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The following morning, we awoke to the same flamingoes bright and early, and wandered down the hill to the Café for a continental breakfast that comprised bagels, fresh fruit and coffee. Fueled for the day, walked around a back portion of the park in which monkeys and cheetahs and other animals (including a porcupine) are sequestered in separate habitats. My wife, an anthropologist, spent much of the time regaling me with details about the monkeys. Her tutorial made the experience significantly more interesting.


Around 10 a.m., we returned to the area in front of the Café and boarded double-decker, open-air Jeep-like vehicles for a “safari” around the property.  Over the next 2.5 hours, our vehicle sputtered up and over the back hills of Sonoma County, inching past gazelles, oryx, antelopes, cape buffalo and other critters. A Safari West naturalist guided our trip, pointing out distinguishing characteristics on each of the animals as we drove by. I found the naturalist helpful—just not as helpful as my own wife.


The tour ended just before lunchtime, and we had enough time to hike back to the cabin and retrieve our belongings before check-out. That evening, on the drive home, my wife and I struggled to summarize our experience overnight at Safari West. No, we agreed, it wasn’t luxury living on the Serengeti. But it sure came close.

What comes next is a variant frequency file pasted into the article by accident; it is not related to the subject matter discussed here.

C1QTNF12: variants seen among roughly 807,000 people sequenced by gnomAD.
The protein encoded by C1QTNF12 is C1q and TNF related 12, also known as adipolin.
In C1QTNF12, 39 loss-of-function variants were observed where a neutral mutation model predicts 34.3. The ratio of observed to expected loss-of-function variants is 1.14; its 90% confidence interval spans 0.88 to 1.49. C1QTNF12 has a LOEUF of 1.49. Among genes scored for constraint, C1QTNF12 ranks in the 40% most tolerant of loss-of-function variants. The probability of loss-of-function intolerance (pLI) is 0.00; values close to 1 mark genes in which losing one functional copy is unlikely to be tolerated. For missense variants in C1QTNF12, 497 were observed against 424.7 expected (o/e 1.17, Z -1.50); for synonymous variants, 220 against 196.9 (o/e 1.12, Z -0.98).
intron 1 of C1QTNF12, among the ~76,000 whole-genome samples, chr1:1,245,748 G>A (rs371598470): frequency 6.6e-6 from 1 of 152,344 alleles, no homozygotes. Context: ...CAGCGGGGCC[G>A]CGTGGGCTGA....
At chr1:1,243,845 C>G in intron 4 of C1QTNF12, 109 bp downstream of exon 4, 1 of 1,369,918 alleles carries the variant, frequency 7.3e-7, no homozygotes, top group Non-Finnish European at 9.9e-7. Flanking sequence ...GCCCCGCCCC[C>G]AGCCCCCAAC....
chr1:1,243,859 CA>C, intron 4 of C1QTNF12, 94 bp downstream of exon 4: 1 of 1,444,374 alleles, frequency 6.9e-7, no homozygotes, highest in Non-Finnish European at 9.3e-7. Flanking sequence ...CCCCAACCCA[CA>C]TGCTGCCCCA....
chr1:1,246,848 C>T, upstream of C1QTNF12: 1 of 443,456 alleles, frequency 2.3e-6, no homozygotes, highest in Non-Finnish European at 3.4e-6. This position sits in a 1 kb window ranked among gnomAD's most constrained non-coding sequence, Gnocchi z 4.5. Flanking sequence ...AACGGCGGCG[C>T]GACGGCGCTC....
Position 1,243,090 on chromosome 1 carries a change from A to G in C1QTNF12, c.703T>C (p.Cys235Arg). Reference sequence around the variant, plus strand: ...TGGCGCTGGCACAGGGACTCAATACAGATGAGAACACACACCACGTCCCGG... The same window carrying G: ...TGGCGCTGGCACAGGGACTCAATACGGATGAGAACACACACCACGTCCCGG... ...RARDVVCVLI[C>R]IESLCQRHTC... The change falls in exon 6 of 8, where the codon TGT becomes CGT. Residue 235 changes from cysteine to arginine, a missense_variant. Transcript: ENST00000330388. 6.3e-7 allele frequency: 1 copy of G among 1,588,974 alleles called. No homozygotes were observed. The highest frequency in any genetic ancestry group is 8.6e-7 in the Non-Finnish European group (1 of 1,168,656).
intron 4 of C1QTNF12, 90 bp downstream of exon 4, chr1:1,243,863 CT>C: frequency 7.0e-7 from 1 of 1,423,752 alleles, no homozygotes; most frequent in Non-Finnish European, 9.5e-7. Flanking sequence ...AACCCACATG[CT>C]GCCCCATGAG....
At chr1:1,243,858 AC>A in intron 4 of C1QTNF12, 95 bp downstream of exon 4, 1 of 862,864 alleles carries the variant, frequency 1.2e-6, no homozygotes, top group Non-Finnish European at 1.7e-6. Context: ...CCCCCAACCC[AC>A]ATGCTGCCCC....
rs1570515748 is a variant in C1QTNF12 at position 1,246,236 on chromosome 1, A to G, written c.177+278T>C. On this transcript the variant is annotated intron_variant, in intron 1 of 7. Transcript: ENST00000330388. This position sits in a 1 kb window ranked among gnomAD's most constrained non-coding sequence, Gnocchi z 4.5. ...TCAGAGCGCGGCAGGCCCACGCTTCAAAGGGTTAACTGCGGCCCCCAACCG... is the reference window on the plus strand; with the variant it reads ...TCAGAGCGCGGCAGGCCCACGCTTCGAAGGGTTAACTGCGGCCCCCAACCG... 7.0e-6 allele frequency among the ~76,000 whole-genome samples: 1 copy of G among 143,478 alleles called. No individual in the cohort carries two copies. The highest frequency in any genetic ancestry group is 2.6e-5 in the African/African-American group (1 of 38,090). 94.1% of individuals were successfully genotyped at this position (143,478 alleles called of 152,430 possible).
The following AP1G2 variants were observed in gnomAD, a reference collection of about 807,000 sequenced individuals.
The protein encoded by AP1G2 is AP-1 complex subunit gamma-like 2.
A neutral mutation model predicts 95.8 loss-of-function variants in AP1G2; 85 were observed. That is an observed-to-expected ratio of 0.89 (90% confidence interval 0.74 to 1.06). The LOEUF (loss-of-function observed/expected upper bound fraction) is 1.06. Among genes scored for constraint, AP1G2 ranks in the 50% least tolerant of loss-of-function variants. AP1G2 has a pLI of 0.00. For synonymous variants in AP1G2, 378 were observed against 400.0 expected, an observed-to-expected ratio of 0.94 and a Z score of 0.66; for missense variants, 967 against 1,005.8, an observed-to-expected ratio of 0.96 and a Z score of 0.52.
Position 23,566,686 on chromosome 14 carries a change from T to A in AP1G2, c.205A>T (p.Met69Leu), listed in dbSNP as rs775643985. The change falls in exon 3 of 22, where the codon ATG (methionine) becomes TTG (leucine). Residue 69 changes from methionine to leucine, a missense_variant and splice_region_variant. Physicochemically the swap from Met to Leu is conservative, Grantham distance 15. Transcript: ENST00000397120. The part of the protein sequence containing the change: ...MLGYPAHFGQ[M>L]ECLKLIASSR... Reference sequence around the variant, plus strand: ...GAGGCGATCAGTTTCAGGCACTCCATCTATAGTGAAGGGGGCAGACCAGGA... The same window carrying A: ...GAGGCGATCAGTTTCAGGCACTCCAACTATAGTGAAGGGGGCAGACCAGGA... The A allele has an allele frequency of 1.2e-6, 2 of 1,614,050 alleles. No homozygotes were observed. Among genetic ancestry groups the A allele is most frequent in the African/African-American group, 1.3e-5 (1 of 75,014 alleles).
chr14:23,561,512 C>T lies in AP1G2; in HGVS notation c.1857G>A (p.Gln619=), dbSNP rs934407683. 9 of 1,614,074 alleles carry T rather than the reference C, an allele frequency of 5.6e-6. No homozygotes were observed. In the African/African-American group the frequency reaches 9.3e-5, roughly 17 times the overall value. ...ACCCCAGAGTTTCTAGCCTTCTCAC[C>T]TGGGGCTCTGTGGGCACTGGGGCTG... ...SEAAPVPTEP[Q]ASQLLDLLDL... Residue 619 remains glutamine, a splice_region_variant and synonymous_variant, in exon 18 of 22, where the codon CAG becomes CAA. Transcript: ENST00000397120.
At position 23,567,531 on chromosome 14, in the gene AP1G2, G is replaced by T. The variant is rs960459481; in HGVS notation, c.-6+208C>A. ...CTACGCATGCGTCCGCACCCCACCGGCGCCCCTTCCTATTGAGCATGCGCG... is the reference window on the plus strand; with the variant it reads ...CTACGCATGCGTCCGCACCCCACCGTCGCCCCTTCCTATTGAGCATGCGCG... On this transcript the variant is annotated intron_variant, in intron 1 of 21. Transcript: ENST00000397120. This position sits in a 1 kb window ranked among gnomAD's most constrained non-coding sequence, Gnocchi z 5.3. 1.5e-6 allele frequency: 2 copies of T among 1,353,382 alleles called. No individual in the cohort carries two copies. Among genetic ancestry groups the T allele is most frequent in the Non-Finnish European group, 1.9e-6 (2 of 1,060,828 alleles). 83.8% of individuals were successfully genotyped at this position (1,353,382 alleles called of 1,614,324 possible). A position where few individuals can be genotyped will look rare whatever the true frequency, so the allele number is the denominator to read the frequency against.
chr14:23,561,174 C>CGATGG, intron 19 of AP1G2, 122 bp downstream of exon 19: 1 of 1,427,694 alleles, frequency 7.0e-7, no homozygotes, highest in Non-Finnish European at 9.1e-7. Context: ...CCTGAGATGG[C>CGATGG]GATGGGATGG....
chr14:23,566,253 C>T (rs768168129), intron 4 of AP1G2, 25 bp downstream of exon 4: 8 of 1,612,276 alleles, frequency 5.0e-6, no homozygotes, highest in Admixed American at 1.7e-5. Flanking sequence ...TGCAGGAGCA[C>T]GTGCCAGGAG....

Day 2 at Santa Barbara Auto Camp

Scarlet and I woke up after a good night’s sleep and headed to Coffee Bean & Tea Leaf up the street for coffee. Then we drove to nearby Burro Beach, which is one of the many pet friendly beaches in Santa Barbara for a stroll. Next, we headed to a restaurant called Scarlett Begonia for breakfast, which is just off State Street downtown and has a patio where Scarlet and I could chill and enjoy breakfast.


While getting the lay of the land, I had noticed several pet groomers in the area and popped in to For Paws salon see if they could fit in a bath for Scarlet. I dropped her off for a doggy spa day and returned to the Auto Camp to give try out the claw foot tub in my Airstream.


A 30 gallon water heater ensured there was ample hot water to fill the deep tub. I took a bath and got ready to explore Santa Barbara. The old Santa Barbara Mission is only about a mile away and was fun to wander around. Then I headed to the Terrace at El Encanto for some lunch before picking up Scarlet.


Once back at camp, I noticed a couple of bunnies hopping around the property. Scarlet, a lab, has a very strong game drive and chased after them and that caused a bit of excitement! I put her on a leash after that.


After the housekeeper came to clean the Airstreams, I got a chance to peak inside of a few units. Suite 3 is a 1962 26′ Airstream Overlander and features a great striped awning and outdoor area. It also had single beds and a redone shower with glass tiles and modern styling. This unit is a great choice for friends who don’t want to share a bed. Technically, you can sleep 4 in all the units (as the sofa converts into a bed) but that in my opinion that would be a bit too cozy assuming all four are adults.


Suite 5 is a 31′ 1964 Airstream Sovereign and is the prototype for future units (There are plans for future Autocamps in San Francisco, Ventura Beach, and Los Angeles). Of all the units I saw, this was my favorite. The modern interior was streamlined and even had fun air. This is the Airstream I’d like to stay in most if I weren’t with my dog.  Plus, it’s a few spaces in from the street so it’s quieter than the first two suites.